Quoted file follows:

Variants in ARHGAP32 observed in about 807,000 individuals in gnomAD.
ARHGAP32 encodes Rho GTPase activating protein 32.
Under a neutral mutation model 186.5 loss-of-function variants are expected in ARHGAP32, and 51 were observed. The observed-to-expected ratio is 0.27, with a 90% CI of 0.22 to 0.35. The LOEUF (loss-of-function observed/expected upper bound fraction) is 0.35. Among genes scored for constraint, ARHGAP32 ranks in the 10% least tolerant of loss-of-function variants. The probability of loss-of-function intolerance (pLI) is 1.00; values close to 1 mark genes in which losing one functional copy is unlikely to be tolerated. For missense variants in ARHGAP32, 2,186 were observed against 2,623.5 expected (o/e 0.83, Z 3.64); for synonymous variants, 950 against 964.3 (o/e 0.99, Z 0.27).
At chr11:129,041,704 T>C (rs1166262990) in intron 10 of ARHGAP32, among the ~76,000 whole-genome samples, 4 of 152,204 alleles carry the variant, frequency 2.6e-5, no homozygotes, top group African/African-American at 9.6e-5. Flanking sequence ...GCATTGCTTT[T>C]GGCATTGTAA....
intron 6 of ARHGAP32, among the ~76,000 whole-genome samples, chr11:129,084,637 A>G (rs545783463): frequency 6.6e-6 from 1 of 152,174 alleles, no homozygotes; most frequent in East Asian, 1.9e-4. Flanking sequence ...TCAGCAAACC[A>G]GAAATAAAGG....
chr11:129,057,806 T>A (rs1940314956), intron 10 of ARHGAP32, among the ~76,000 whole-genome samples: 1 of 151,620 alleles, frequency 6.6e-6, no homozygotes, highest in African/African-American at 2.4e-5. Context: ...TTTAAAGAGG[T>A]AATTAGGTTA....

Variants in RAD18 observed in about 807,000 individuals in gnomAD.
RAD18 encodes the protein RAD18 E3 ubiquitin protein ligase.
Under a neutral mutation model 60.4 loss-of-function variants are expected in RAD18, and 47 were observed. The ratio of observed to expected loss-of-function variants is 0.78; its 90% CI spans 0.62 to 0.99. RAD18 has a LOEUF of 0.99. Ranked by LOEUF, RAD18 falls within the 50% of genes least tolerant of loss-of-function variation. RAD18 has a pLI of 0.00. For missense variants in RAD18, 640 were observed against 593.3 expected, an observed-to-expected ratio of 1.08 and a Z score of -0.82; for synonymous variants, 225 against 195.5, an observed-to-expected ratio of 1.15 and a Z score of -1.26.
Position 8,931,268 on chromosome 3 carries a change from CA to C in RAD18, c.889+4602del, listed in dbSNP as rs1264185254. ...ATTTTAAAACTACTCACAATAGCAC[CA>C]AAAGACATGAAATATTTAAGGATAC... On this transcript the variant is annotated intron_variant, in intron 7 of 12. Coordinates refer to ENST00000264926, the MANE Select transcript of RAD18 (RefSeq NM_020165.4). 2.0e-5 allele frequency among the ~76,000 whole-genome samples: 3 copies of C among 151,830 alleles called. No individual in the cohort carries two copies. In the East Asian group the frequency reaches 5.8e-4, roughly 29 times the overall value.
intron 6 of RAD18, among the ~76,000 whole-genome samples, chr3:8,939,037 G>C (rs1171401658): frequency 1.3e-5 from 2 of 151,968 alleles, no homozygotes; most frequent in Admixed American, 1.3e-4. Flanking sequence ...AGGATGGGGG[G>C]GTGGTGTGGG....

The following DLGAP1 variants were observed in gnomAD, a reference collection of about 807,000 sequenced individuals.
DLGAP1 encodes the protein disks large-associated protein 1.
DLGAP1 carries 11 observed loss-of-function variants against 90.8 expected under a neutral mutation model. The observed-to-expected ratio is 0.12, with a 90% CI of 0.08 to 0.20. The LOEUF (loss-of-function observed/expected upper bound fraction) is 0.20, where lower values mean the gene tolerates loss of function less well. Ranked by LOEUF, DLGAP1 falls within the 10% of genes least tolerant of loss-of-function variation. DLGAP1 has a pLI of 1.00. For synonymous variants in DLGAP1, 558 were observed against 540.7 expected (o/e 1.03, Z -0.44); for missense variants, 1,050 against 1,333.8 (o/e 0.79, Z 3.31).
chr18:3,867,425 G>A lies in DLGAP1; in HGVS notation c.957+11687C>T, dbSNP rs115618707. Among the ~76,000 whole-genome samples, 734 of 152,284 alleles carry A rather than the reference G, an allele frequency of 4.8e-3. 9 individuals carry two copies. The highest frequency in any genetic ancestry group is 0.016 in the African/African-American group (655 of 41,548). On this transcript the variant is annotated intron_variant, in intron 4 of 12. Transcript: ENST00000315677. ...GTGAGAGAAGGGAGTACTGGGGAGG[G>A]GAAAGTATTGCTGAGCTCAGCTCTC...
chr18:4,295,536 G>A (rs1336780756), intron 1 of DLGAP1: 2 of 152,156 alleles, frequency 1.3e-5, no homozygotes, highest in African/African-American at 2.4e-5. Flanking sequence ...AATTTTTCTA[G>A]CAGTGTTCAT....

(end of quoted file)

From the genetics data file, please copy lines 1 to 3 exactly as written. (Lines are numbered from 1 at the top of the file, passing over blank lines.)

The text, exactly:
Variants in ARHGAP32 observed in about 807,000 individuals in gnomAD.
ARHGAP32 encodes Rho GTPase activating protein 32.
Under a neutral mutation model 186.5 loss-of-function variants are expected in ARHGAP32, and 51 were observed. The observed-to-expected ratio is 0.27, with a 90% CI of 0.22 to 0.35. The LOEUF (loss-of-function observed/expected upper bound fraction) is 0.35. Among genes scored for constraint, ARHGAP32 ranks in the 10% least tolerant of loss-of-function variants. The probability of loss-of-function intolerance (pLI) is 1.00; values close to 1 mark genes in which losing one functional copy is unlikely to be tolerated. For missense variants in ARHGAP32, 2,186 were observed against 2,623.5 expected (o/e 0.83, Z 3.64); for synonymous variants, 950 against 964.3 (o/e 0.99, Z 0.27).